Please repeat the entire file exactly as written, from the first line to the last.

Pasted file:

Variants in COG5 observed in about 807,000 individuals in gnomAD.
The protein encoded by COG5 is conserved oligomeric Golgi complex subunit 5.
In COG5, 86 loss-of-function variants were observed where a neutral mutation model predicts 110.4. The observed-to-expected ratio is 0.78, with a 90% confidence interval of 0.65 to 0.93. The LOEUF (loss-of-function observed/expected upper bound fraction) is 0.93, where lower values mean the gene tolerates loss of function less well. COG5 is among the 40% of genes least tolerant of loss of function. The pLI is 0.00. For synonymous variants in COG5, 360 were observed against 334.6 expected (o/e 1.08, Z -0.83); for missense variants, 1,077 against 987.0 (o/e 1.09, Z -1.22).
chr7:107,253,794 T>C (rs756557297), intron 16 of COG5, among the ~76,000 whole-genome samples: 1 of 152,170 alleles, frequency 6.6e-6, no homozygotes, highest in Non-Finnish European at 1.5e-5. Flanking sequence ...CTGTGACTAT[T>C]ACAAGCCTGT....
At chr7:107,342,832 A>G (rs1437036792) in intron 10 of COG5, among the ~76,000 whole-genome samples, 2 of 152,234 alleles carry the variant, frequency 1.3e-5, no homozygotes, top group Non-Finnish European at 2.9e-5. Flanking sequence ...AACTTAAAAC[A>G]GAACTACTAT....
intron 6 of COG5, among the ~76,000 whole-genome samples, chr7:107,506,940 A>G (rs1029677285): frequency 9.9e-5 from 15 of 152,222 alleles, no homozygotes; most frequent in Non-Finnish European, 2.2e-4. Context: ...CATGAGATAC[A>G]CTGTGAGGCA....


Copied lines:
Variants in COG5 observed in about 807,000 individuals in gnomAD.
The protein encoded by COG5 is conserved oligomeric Golgi complex subunit 5.
In COG5, 86 loss-of-function variants were observed where a neutral mutation model predicts 110.4. The observed-to-expected ratio is 0.78, with a 90% confidence interval of 0.65 to 0.93. The LOEUF (loss-of-function observed/expected upper bound fraction) is 0.93, where lower values mean the gene tolerates loss of function less well. COG5 is among the 40% of genes least tolerant of loss of function. The pLI is 0.00. For synonymous variants in COG5, 360 were observed against 334.6 expected (o/e 1.08, Z -0.83); for missense variants, 1,077 against 987.0 (o/e 1.09, Z -1.22).
chr7:107,253,794 T>C (rs756557297), intron 16 of COG5, among the ~76,000 whole-genome samples: 1 of 152,170 alleles, frequency 6.6e-6, no homozygotes, highest in Non-Finnish European at 1.5e-5. Flanking sequence ...CTGTGACTAT[T>C]ACAAGCCTGT....
At chr7:107,342,832 A>G (rs1437036792) in intron 10 of COG5, among the ~76,000 whole-genome samples, 2 of 152,234 alleles carry the variant, frequency 1.3e-5, no homozygotes, top group Non-Finnish European at 2.9e-5. Flanking sequence ...AACTTAAAAC[A>G]GAACTACTAT....
intron 6 of COG5, among the ~76,000 whole-genome samples, chr7:107,506,940 A>G (rs1029677285): frequency 9.9e-5 from 15 of 152,222 alleles, no homozygotes; most frequent in Non-Finnish European, 2.2e-4. Context: ...CATGAGATAC[A>G]CTGTGAGGCA....